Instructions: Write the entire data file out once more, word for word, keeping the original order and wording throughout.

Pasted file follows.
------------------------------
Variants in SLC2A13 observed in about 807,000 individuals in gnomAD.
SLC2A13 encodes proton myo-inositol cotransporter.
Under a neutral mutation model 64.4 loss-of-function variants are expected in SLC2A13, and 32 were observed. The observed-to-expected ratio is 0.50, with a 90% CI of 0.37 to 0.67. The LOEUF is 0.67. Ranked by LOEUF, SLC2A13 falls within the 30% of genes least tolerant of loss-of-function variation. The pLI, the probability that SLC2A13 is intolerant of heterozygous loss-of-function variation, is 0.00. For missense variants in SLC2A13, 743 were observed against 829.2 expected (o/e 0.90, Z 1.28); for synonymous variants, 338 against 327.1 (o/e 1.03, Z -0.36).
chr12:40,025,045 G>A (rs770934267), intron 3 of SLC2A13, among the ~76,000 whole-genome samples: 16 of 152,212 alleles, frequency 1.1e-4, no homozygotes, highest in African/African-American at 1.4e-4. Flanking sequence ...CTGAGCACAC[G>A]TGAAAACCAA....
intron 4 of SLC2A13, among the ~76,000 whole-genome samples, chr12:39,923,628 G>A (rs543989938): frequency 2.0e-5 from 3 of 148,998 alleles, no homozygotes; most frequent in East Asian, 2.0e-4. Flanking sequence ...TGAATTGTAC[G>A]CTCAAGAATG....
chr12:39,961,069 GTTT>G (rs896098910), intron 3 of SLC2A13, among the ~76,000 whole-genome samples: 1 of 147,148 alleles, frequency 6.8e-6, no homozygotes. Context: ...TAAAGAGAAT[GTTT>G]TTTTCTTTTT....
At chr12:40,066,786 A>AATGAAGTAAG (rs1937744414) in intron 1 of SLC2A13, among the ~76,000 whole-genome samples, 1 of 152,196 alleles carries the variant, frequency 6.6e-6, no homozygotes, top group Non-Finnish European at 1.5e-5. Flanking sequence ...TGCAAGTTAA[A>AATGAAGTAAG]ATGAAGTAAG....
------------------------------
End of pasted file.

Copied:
Variants in SLC2A13 observed in about 807,000 individuals in gnomAD.
SLC2A13 encodes proton myo-inositol cotransporter.
Under a neutral mutation model 64.4 loss-of-function variants are expected in SLC2A13, and 32 were observed. The observed-to-expected ratio is 0.50, with a 90% CI of 0.37 to 0.67. The LOEUF is 0.67. Ranked by LOEUF, SLC2A13 falls within the 30% of genes least tolerant of loss-of-function variation. The pLI, the probability that SLC2A13 is intolerant of heterozygous loss-of-function variation, is 0.00. For missense variants in SLC2A13, 743 were observed against 829.2 expected (o/e 0.90, Z 1.28); for synonymous variants, 338 against 327.1 (o/e 1.03, Z -0.36).
chr12:40,025,045 G>A (rs770934267), intron 3 of SLC2A13, among the ~76,000 whole-genome samples: 16 of 152,212 alleles, frequency 1.1e-4, no homozygotes, highest in African/African-American at 1.4e-4. Flanking sequence ...CTGAGCACAC[G>A]TGAAAACCAA....
intron 4 of SLC2A13, among the ~76,000 whole-genome samples, chr12:39,923,628 G>A (rs543989938): frequency 2.0e-5 from 3 of 148,998 alleles, no homozygotes; most frequent in East Asian, 2.0e-4. Flanking sequence ...TGAATTGTAC[G>A]CTCAAGAATG....
chr12:39,961,069 GTTT>G (rs896098910), intron 3 of SLC2A13, among the ~76,000 whole-genome samples: 1 of 147,148 alleles, frequency 6.8e-6, no homozygotes. Context: ...TAAAGAGAAT[GTTT>G]TTTTCTTTTT....
At chr12:40,066,786 A>AATGAAGTAAG (rs1937744414) in intron 1 of SLC2A13, among the ~76,000 whole-genome samples, 1 of 152,196 alleles carries the variant, frequency 6.6e-6, no homozygotes, top group Non-Finnish European at 1.5e-5. Flanking sequence ...TGCAAGTTAA[A>AATGAAGTAAG]ATGAAGTAAG....